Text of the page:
Shame on you, Netanwho?victory' this morning.
"We were victorious in the negotiation phase,” said Liran Dan, Head of the National Information Directorate in the Prime Minister's Office, in an interview with IDF Radio Wednesday. “The military blow that the IDF dealt Hamas – the hardest it has experienced since it was founded – was heavy and meaningful. What we saw is that in a prolonged and well executed campaign, Hamas suffered a harsh military blow and damage to the most heavily constructed arrays it built.”
Idan said that Hamas built up networks of rockets, attack tunnels and terror forces over years with the intent of using them against Israel, and these have been smashed by the IDF.
"We should ask the opposite question,” Dan said. “What has Hamas achieved with this campaign? It set out with a very clear goal and did not achieve it.” Hamas wanted sea and air ports, it wanted funding allowed into Gaza, it wanted the blockade of Gaza lifted, it wanted the terrorists who were released in the Schalit deal and recently rearrested released, it wanted Turkey and Qatar to mediate in the negotiations, and received none of these things, he noted.
Hamas thought that the Israeli public's spirit would break after one week's fighting, and was proved wrong, he insisted.Really? Guess what's on the agenda next week in Cairo.... Air and sea ports? Check. Funding? Check. Lifting blockade? Check. Terrorist release? Check. 12-mile fishing limit? Check. The only thing that might not be on the agenda is replacing Egypt with Turkey and Qatar. So just what did Israel achieve by agreeing to a cease fire when it had Hamas reeling?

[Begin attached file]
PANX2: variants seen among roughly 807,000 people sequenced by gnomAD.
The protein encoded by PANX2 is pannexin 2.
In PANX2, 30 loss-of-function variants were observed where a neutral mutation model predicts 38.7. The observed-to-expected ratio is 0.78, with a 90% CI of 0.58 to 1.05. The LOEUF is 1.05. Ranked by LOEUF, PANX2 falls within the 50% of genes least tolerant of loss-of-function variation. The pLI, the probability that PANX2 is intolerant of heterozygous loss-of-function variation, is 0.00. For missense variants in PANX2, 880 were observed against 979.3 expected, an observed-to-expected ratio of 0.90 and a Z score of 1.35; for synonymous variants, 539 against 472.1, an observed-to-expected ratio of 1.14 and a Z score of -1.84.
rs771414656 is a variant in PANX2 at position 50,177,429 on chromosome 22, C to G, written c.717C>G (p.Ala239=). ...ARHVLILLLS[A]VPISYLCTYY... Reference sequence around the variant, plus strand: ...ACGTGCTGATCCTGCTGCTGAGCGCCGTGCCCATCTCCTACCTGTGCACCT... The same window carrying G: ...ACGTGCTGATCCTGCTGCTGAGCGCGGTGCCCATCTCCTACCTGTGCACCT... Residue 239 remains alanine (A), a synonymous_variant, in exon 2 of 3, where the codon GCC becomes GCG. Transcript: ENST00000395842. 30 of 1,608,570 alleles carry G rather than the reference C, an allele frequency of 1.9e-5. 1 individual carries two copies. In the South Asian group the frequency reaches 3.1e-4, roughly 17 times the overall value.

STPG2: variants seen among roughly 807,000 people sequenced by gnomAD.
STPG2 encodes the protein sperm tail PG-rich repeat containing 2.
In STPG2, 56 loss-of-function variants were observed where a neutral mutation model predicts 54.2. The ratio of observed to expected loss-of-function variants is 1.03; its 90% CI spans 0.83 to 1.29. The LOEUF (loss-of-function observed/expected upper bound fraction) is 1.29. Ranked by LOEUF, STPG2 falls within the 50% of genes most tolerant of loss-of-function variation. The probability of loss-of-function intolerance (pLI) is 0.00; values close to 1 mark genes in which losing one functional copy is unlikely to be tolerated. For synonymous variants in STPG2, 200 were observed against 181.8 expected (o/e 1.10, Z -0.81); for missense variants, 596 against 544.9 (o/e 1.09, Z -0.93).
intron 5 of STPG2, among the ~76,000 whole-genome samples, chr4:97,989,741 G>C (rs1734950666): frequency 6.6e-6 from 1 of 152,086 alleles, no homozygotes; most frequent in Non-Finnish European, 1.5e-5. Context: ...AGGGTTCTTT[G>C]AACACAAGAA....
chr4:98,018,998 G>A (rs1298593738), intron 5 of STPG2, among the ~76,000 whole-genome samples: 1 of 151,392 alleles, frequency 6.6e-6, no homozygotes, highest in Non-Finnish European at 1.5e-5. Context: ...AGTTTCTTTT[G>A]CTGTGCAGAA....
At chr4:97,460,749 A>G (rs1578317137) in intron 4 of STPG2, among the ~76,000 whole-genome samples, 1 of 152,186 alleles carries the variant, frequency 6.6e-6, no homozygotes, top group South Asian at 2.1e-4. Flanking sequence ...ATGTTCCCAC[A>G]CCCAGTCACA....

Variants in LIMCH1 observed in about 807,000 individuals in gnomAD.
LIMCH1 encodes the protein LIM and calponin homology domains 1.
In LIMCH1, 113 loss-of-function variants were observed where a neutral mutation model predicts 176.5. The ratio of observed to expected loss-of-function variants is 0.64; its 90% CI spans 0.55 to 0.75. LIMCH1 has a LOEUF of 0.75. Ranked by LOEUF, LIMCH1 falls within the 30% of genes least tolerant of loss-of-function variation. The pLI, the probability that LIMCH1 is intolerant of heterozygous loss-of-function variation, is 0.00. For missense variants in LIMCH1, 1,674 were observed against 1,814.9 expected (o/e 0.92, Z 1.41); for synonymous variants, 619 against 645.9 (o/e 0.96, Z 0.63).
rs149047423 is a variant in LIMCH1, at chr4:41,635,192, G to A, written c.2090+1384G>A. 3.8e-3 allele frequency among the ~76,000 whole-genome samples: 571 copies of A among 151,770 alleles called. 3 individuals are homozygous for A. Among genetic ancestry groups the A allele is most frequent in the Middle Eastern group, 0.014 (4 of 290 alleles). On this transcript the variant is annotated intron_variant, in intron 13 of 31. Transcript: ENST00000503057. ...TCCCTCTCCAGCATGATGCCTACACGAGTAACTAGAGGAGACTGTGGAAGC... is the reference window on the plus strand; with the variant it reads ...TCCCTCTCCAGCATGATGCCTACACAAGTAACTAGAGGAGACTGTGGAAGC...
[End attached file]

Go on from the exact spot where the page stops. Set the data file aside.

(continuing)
Haaretz's Barak Ravid got it right last night.
The same Benjamin Netanyahu who ran for election five years ago, after Operation Cast Lead, on the platform that the mission had not been accomplished, that Hamas rule had to be destroyed and that he was the only one who could do it.
Netanyahu's conduct during the 50 days of fighting in Gaza highlighted the gap between his statements and promises and the reality. The prime minister, who was the most strident in his statement against Hamas, ended the confrontation with the organization in the weakest position. All he wanted was to achieve a cease-fire at just about any price. When the opportunity came, he simply grabbed it and ran.
The Egyptian cease-fire proposal that Israel accepted on Tuesday did not deliver a single achievement. The only thing that the prime minister's spokesmen could boast about on Tuesday was the denial of achievements to Hamas, such as the dissolution of its demands for a sea port, an airport and salary payments. But all those demands will be raised during the negotiations with Hamas that will resume in Cairo next week.
In return for unlimited quiet, Israel agreed to immediately open the border crossings with Gaza to humanitarian aid and to extend the fishing zone to a distance of six nautical miles. Israel also agreed to the immediate entry of construction materials for the rebuilding of Gaza, without any guarantee from either Egypt or Hamas for the establishment of a monitoring mechanism to ensure that the cement and concrete is not used for the rehabilitation of the tunnels project.
The Egyptian proposal didn't include any statement, not even a hint, regarding Israel's security demands. There was nothing about the demilitarization of the strip, the re-arming or the issue of the tunnels. When reading the thin Egyptian document to which Benjamin Netanyahu agreed, John Kerry's draft – which was rejected by the cabinet with a disdain that bordered on humiliation of the secretary of state – suddenly looks like the proposal of the year.
So just what has Netanyahu achieved? An audience with King Barack after the November elections that will bring nothing but more demands?The third agreement that Netanyahu has signed with Hamas since he entered office in 2009 does not even return Israel to the starting point with Gaza. Netanyahu just wanted to return to the status quo that has become a personal ideology, but the reality is that Israel has regressed.